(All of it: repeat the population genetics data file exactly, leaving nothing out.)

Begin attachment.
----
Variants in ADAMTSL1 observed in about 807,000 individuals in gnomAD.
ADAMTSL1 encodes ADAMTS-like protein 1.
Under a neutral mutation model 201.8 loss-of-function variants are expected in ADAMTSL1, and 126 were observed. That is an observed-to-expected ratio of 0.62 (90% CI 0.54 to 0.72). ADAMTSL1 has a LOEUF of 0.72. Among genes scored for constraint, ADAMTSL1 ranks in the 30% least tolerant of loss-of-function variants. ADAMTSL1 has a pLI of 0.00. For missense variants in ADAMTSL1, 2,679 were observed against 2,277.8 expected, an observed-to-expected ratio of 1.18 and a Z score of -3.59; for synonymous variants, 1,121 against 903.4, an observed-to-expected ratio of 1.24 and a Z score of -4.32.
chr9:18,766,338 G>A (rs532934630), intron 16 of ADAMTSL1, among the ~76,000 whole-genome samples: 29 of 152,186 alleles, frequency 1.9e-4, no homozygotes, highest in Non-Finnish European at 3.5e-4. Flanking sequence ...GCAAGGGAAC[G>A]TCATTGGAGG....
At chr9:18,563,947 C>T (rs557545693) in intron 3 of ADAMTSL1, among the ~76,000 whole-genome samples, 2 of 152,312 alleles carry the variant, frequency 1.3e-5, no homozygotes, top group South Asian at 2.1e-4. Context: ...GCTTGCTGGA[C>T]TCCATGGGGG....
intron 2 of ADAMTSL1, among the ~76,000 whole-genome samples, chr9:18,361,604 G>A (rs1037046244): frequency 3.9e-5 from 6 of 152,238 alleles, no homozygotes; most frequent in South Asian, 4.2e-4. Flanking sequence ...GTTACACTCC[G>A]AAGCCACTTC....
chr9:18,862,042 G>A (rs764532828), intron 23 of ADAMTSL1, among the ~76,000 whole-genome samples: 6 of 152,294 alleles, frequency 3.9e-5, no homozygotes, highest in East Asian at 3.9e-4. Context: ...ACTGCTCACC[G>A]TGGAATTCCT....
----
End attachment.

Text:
Variants in ADAMTSL1 observed in about 807,000 individuals in gnomAD.
ADAMTSL1 encodes ADAMTS-like protein 1.
Under a neutral mutation model 201.8 loss-of-function variants are expected in ADAMTSL1, and 126 were observed. That is an observed-to-expected ratio of 0.62 (90% CI 0.54 to 0.72). ADAMTSL1 has a LOEUF of 0.72. Among genes scored for constraint, ADAMTSL1 ranks in the 30% least tolerant of loss-of-function variants. ADAMTSL1 has a pLI of 0.00. For missense variants in ADAMTSL1, 2,679 were observed against 2,277.8 expected, an observed-to-expected ratio of 1.18 and a Z score of -3.59; for synonymous variants, 1,121 against 903.4, an observed-to-expected ratio of 1.24 and a Z score of -4.32.
chr9:18,766,338 G>A (rs532934630), intron 16 of ADAMTSL1, among the ~76,000 whole-genome samples: 29 of 152,186 alleles, frequency 1.9e-4, no homozygotes, highest in Non-Finnish European at 3.5e-4. Flanking sequence ...GCAAGGGAAC[G>A]TCATTGGAGG....
At chr9:18,563,947 C>T (rs557545693) in intron 3 of ADAMTSL1, among the ~76,000 whole-genome samples, 2 of 152,312 alleles carry the variant, frequency 1.3e-5, no homozygotes, top group South Asian at 2.1e-4. Context: ...GCTTGCTGGA[C>T]TCCATGGGGG....
intron 2 of ADAMTSL1, among the ~76,000 whole-genome samples, chr9:18,361,604 G>A (rs1037046244): frequency 3.9e-5 from 6 of 152,238 alleles, no homozygotes; most frequent in South Asian, 4.2e-4. Flanking sequence ...GTTACACTCC[G>A]AAGCCACTTC....
chr9:18,862,042 G>A (rs764532828), intron 23 of ADAMTSL1, among the ~76,000 whole-genome samples: 6 of 152,294 alleles, frequency 3.9e-5, no homozygotes, highest in East Asian at 3.9e-4. Context: ...ACTGCTCACC[G>A]TGGAATTCCT....